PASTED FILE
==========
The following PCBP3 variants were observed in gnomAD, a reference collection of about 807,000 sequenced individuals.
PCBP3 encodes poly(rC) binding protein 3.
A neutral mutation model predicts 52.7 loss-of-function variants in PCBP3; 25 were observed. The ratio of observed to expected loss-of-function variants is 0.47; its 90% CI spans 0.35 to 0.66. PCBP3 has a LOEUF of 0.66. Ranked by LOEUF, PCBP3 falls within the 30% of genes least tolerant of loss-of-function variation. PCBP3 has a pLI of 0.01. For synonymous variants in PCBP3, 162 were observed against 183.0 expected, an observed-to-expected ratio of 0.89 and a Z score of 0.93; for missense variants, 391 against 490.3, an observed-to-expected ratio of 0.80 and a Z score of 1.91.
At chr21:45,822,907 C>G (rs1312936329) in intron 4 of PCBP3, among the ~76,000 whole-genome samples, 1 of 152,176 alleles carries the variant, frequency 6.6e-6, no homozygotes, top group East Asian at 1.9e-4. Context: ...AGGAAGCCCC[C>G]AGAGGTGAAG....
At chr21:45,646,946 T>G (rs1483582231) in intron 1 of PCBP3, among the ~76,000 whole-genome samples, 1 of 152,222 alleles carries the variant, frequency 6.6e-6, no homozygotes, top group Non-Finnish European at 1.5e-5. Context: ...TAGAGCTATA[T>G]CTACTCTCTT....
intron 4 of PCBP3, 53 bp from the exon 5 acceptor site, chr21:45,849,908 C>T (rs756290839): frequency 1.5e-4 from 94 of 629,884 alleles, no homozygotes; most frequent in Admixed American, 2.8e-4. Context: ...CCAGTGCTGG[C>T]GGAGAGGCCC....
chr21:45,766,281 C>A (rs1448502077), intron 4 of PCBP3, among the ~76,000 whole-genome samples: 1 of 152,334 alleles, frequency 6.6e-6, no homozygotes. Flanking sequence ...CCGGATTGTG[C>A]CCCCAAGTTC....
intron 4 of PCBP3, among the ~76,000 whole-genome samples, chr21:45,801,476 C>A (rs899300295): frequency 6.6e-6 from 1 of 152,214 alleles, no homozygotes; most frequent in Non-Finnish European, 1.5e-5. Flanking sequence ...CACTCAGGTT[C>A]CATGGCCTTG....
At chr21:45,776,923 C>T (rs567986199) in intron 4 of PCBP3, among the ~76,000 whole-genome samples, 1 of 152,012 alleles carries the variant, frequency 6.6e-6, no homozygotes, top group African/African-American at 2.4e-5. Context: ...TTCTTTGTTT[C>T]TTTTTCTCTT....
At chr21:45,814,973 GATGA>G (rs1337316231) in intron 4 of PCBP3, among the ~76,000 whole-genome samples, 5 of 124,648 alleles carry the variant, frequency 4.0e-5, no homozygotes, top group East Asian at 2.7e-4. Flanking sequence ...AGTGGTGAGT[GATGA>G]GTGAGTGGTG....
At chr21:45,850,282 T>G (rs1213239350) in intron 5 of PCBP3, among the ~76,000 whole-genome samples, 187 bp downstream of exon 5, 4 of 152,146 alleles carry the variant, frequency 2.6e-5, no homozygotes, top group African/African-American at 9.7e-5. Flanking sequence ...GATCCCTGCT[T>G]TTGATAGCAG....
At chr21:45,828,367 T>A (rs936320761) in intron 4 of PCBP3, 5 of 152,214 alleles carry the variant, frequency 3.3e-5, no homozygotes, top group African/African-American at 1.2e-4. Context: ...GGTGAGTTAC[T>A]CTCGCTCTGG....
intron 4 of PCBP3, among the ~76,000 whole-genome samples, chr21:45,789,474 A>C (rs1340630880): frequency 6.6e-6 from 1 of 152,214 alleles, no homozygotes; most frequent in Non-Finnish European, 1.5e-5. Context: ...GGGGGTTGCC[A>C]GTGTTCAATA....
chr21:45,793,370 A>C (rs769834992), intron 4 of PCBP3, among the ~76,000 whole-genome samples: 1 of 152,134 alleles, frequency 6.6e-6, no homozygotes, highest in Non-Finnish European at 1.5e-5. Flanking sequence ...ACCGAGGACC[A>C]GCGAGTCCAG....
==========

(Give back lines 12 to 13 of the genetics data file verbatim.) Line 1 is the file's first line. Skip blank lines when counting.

At chr21:45,828,367 T>A (rs936320761) in intron 4 of PCBP3, 5 of 152,214 alleles carry the variant, frequency 3.3e-5, no homozygotes, top group African/African-American at 1.2e-4. Context: ...GGTGAGTTAC[T>A]CTCGCTCTGG....
intron 4 of PCBP3, among the ~76,000 whole-genome samples, chr21:45,789,474 A>C (rs1340630880): frequency 6.6e-6 from 1 of 152,214 alleles, no homozygotes; most frequent in Non-Finnish European, 1.5e-5. Context: ...GGGGGTTGCC[A>C]GTGTTCAATA....